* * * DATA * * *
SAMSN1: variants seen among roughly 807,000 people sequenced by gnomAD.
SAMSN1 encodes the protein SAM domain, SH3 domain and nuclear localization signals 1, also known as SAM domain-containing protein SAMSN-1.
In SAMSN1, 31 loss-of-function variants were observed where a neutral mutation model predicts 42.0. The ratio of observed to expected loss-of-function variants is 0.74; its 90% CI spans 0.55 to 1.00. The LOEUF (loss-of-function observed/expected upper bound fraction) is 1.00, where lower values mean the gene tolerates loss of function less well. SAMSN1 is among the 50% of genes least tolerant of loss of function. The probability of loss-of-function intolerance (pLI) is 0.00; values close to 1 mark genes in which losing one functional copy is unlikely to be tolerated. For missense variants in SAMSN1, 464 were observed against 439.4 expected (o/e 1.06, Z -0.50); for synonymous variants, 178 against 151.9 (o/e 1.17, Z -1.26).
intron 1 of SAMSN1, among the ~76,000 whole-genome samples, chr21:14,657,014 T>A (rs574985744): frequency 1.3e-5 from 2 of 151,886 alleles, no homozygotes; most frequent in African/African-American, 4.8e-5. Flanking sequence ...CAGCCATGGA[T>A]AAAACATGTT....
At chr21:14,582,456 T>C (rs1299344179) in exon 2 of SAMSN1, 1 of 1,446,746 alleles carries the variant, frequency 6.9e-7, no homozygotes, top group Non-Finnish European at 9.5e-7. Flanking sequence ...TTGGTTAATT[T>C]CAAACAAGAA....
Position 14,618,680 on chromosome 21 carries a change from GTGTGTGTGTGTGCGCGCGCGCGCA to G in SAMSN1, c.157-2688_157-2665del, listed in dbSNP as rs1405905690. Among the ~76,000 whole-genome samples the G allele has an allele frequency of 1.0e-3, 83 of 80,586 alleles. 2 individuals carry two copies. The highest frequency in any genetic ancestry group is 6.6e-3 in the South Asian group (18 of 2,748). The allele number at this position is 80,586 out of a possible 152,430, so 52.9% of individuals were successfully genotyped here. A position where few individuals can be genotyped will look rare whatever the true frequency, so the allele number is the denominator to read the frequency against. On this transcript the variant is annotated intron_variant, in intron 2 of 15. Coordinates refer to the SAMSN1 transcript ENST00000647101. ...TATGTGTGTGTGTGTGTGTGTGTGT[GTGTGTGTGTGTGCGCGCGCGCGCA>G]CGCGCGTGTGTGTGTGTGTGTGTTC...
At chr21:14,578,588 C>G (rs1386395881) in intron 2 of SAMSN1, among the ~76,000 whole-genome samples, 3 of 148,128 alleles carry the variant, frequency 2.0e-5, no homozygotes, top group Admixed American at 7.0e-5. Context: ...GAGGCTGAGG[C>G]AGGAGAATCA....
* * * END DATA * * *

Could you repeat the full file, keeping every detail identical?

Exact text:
SAMSN1: variants seen among roughly 807,000 people sequenced by gnomAD.
SAMSN1 encodes the protein SAM domain, SH3 domain and nuclear localization signals 1, also known as SAM domain-containing protein SAMSN-1.
In SAMSN1, 31 loss-of-function variants were observed where a neutral mutation model predicts 42.0. The ratio of observed to expected loss-of-function variants is 0.74; its 90% CI spans 0.55 to 1.00. The LOEUF (loss-of-function observed/expected upper bound fraction) is 1.00, where lower values mean the gene tolerates loss of function less well. SAMSN1 is among the 50% of genes least tolerant of loss of function. The probability of loss-of-function intolerance (pLI) is 0.00; values close to 1 mark genes in which losing one functional copy is unlikely to be tolerated. For missense variants in SAMSN1, 464 were observed against 439.4 expected (o/e 1.06, Z -0.50); for synonymous variants, 178 against 151.9 (o/e 1.17, Z -1.26).
intron 1 of SAMSN1, among the ~76,000 whole-genome samples, chr21:14,657,014 T>A (rs574985744): frequency 1.3e-5 from 2 of 151,886 alleles, no homozygotes; most frequent in African/African-American, 4.8e-5. Flanking sequence ...CAGCCATGGA[T>A]AAAACATGTT....
At chr21:14,582,456 T>C (rs1299344179) in exon 2 of SAMSN1, 1 of 1,446,746 alleles carries the variant, frequency 6.9e-7, no homozygotes, top group Non-Finnish European at 9.5e-7. Flanking sequence ...TTGGTTAATT[T>C]CAAACAAGAA....
Position 14,618,680 on chromosome 21 carries a change from GTGTGTGTGTGTGCGCGCGCGCGCA to G in SAMSN1, c.157-2688_157-2665del, listed in dbSNP as rs1405905690. Among the ~76,000 whole-genome samples the G allele has an allele frequency of 1.0e-3, 83 of 80,586 alleles. 2 individuals carry two copies. The highest frequency in any genetic ancestry group is 6.6e-3 in the South Asian group (18 of 2,748). The allele number at this position is 80,586 out of a possible 152,430, so 52.9% of individuals were successfully genotyped here. A position where few individuals can be genotyped will look rare whatever the true frequency, so the allele number is the denominator to read the frequency against. On this transcript the variant is annotated intron_variant, in intron 2 of 15. Coordinates refer to the SAMSN1 transcript ENST00000647101. ...TATGTGTGTGTGTGTGTGTGTGTGT[GTGTGTGTGTGTGCGCGCGCGCGCA>G]CGCGCGTGTGTGTGTGTGTGTGTTC...
At chr21:14,578,588 C>G (rs1386395881) in intron 2 of SAMSN1, among the ~76,000 whole-genome samples, 3 of 148,128 alleles carry the variant, frequency 2.0e-5, no homozygotes, top group Admixed American at 7.0e-5. Context: ...GAGGCTGAGG[C>G]AGGAGAATCA....